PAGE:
The Word in the Wilderness:

A Poem a Day for Lent and Easter

by Malcolm Guite

–Review by Teri Hyrkas

It might seem a little unusual to read a poem a day as a devotional practice during Lent, but with poet/priest Malcolm Guite as docent and The Word in the Wilderness: A Poem A Day for Lent and Easter (Canterbury Press, 2014) as the text, rest assured that the time spent reading and considering each poem will be full of rich rewards.

Designed to serve as a pilgrimage through Lent, Guite begins The Word in the Wilderness on Shrove Tuesday, the day before Ash Wednesday. The author sets the stage for the pilgrimage with a piece by one of his favorite poets, the late Seamus Heaney. The composition, Station Island XI, contains within it a translation of a poem by St. John of the Cross. St. John’s poem, originally written in Spanish, was given to Heaney to translate by a priest who told him, “Read poems as prayers.” At the conclusion of Heaney’s poem, Guite explains that the piece helps us to see that all we have muddied and misused in our life can be restored. “[Cleansing] of the instrument of our vision by the power of [Heaney’s] imagination as a poet is part of that whole restoration….“ Guite goes on to say, “Perhaps we can see our own Lenten pilgrimage as a journey upstream to the source of that ‘fountain, filling, running’ that is celebrated in this poem.”

 

Malcolm Guite, who is a scholar of poetry, a member of a rock band and Chaplain of Girton College Cambridge, has chosen both ancient and modern poems for his anthology; his own poetry also appears in The Word in the Wilderness. Guite has divided the Lenten poetry journey into seven parts, and, he explains, this is not a solo excursion: “Our journey through the chosen wilderness of Lent, indeed our wider journey through life, is a companioned journey. We are not alone. We have friends and companions in this world and life who are making a similar journey, our comrades in the faith, we have the great cloud of witness, the saints who have walked these roads, completed the journey and from the shores of heaven encourage us in the walk of faith, and we have the Lord himself….”

 

In the third week of Lent, Guite has chosen to feature portions of Dante Alighieri’s The Divine Comedy. This is a wonderfully relevant use of the poem since Dante’s time setting for the Comedy is from Good Friday through Easter. In addition, because the ancient poet Virgil and Dante’s dear friend, Beatrice, are pivotal to Dante’s spiritual journey in the Comedy, Guite says, “The poet who models companionship most brilliantly… is Dante.”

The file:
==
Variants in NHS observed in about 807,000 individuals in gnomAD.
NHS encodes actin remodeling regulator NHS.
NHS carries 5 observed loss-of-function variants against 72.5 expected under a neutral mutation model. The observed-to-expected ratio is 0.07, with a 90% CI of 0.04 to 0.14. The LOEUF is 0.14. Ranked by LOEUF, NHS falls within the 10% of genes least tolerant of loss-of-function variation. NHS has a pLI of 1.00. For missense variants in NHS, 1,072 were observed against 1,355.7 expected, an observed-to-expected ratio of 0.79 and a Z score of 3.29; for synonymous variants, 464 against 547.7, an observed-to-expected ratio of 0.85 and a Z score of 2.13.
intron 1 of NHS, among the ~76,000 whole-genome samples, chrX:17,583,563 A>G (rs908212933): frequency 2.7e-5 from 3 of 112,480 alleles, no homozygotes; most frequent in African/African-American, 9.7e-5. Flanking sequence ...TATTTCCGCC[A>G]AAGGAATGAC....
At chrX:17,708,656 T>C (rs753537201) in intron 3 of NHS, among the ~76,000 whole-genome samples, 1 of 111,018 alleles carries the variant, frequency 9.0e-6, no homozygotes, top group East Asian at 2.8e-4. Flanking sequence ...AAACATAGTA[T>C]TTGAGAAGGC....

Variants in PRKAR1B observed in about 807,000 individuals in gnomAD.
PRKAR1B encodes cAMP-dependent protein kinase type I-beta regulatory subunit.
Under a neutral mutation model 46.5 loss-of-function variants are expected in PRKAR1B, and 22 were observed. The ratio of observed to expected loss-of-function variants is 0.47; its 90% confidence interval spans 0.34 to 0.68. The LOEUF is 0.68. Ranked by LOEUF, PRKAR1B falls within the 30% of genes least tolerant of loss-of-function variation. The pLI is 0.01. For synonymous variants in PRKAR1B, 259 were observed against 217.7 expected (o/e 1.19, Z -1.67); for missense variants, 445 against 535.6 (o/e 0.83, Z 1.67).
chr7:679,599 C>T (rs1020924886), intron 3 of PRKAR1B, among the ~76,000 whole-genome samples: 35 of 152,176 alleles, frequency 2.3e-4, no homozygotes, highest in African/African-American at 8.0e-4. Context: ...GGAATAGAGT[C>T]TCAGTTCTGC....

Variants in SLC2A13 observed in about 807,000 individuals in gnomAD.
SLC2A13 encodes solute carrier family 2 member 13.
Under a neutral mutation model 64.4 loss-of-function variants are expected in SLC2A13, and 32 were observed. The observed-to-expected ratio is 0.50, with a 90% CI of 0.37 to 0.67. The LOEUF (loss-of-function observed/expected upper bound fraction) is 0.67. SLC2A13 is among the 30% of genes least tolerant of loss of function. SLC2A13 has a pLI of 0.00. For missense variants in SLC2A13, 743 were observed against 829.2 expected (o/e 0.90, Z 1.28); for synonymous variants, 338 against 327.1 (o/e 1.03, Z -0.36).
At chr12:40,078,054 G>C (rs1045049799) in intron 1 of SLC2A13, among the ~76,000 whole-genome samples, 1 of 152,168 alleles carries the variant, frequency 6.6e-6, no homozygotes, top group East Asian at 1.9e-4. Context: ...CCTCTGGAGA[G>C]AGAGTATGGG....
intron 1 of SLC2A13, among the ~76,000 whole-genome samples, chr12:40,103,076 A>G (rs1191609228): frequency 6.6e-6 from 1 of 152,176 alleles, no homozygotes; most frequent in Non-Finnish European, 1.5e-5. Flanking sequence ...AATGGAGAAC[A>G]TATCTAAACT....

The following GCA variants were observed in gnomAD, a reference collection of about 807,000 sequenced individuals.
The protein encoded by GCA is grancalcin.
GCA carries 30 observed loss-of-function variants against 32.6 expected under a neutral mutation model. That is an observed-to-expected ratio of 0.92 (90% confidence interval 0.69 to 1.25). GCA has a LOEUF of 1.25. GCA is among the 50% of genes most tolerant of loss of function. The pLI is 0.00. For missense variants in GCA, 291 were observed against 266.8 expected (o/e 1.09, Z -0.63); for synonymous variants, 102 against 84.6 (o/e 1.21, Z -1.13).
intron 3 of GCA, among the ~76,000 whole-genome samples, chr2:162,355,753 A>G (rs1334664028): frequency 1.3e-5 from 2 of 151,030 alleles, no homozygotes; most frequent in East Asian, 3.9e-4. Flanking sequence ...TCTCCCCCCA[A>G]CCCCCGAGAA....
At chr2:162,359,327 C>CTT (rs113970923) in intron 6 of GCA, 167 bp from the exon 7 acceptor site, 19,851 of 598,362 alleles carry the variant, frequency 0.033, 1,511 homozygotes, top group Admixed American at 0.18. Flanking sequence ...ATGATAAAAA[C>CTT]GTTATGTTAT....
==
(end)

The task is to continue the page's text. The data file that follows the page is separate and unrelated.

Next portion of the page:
Guite also tells us, “[Dante] shows how the best in us can become darkened and destructive, but also how it can be purged and redeemed, and finally how our capacity for joy and wonder, for growing in light and love, will expand and deepen as we draw closer to the source of all light and love in the heart of God.” The author has taken the passages of The Divine Comedy from a new translation by Robin Kirkpatrick (Penguin Classics, 2013). Guite assures the reader that “there is no need to be familiar with [Dante’s] whole poem to appreciate this section; however, I hope readers may be inspired to pick up threads of Dante’s great poem and pursue it for themselves at their own pace afterwards.”

 

The final actual entry in The Word in the Wilderness (there is an Appendix which contains several other poems) is the beautiful poem Easter by George Herbert. It begins:

“Rise heart; thy Lord is risen. Sing his praise

Without delays.

Who takes thee by the hand, that thou likewise

With him mayst rise.”

 

In his comments on Herbert’s poem Guite writes: [Herbert] has sung the [57th psalm] in his ‘common prayer,’ his public worship, and now he is applying it within himself and to his whole day. But as so often in that application the personal becomes the present, the tactile, the deft, the courteous. The risen Christ of Easter is not, in this first verse, the cosmic Pantocrator but the familiar friend or lover who offers you a hand as you rise in the morning.”

 

Throughout The Word in the Wilderness Guite makes clear the obscure poetic passages and explains words and phrases which are archaic or no longer in use. The author also provides commentary on the poetry but refrains from rigid interpretations of any of the poems, including those which he wrote himself. Rather, he offers suggestions for musings that allow the reader to make connections with the gospel narrative and with symbols and practices of the Lenten season.

Guite closes the introduction to The Word in the Wilderness: A Poem a Day for Lent and Easter with these words: “I hope that among these different voices some will speak personally to you, and that amid the music of the poetry you will find phrases that will feed your soul, images that might become icons, windows into heaven to light your journey and welcome you home.”

If you haven’t yet chosen a book to be a part of your Lenten devotions, don’t be discouraged. As spiritual director Tara Owens says: “It’s never too late for Lent.” Perhaps The Word in the Wilderness is the perfect Lenten devotional book for you.